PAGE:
Book by James Goldman 
Music and Lyrics by Stephen Sondheim 

Follies | Revue | Rated G

  • About the Show

    A true theatrical event, this legendary masterpiece is considered by many to be the greatest musical ever created.

    In FOLLIES the time is 1971, and theatrical impresario Dimitri Weissmann hosts a reunion of ex-Follies performers in his crumbling theatre, setting the stage for a parade of brilliant pastiche numbers, including "Losing My Mind," "I'm Still Here," and "Broadway Baby." Amid the reminiscing, two middle-aged couples confront some unpleasant truths about their past and present and come face to face with the future.

    Surreal, sophisticated, compelling, heart-wrenching and epic in scope, FOLLIES uses the musical theatre as a metaphor for the collapse of American innocence and naivete in the post-Kennedy years. It is a showcase for powerful dramatic actors, featuring a large cast rich in character, which provides opportunities for seasoned older performers.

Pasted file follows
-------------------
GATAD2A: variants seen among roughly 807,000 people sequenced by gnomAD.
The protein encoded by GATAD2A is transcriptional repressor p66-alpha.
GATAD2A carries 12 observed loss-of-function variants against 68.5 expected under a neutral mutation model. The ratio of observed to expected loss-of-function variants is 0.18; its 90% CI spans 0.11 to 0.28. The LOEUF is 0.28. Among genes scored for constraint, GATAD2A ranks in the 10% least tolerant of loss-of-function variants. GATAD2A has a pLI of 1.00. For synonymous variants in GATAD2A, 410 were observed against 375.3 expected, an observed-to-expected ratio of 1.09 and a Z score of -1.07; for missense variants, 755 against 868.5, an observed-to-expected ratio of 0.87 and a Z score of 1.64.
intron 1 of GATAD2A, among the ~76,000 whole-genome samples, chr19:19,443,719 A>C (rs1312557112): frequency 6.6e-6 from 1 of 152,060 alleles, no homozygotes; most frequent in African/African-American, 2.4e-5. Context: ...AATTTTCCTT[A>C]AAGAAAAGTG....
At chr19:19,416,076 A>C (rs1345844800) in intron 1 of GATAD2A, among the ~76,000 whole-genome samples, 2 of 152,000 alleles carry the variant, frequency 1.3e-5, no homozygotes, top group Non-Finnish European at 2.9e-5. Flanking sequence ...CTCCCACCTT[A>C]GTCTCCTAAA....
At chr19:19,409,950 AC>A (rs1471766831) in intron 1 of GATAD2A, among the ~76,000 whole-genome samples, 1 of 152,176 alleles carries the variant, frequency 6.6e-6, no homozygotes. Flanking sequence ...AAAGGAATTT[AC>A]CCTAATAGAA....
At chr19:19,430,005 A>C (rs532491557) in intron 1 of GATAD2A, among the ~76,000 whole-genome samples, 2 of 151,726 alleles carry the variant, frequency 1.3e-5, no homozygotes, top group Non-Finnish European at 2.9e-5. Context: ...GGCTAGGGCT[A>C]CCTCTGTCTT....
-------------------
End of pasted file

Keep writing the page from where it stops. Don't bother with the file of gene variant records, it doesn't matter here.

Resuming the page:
Spectacular and grand in scale, FOLLIES has also proven ideal for concert presentation and features many of Stephen Sondheim's best-known songs and a thrilling book by James Goldman, the author of A Lion In Winter.


    (The stage action is continuous. FOLLIES can be played with or without an intermission, as indicated in the script.)

    An old, dusty curtain rises to the sound of soft timpani; the stage of a large, long-unused theater becomes visible. A tall, pale ghostly SHOWGIRL, dressed in black and white, starts to move slowly. Another ghostly SHOWGIRL, also dressed in black and white, enters and begins to walk slowly as the MAJOR-DOMO rushes onstage, followed by WAITERS and WAITRESSES carrying trays of glasses and party equipment. The Waiters and Waitresses move offstage as six CHORUS GIRLS, also dressed in black and white, become visible, dancing in slow motion and silently moving their mouths as if singing. As Waiters and Waitresses bustle around the unseen ghosts, four MUSICIANS enter with their instruments and move to a platform on the stage. SALLY DURANT PLUMMER, a 49 year-old former showgirl, rushes in, worried she might be the first to arrive. One of the ghostly showgirls, YOUNG SALLY, moves toward her; Sally doesn’t see any of the ghosts. A Waitress hands her a silk sash. The other party guests, former showgirls, chorus girls and their husbands and dates, ranging in age from their 50s to their 80s, arrive and move past the ghosts, as the music changes into a pastiche of 1920s and 1930s tunes. BEN and PHYLLIS STONE arrive; YOUNG PHYLLIS, another of the ghostly chorus girls, moves toward Phyllis. Sally’s husband, BUDDY PLUMMER, arrives and begins asking for Sally.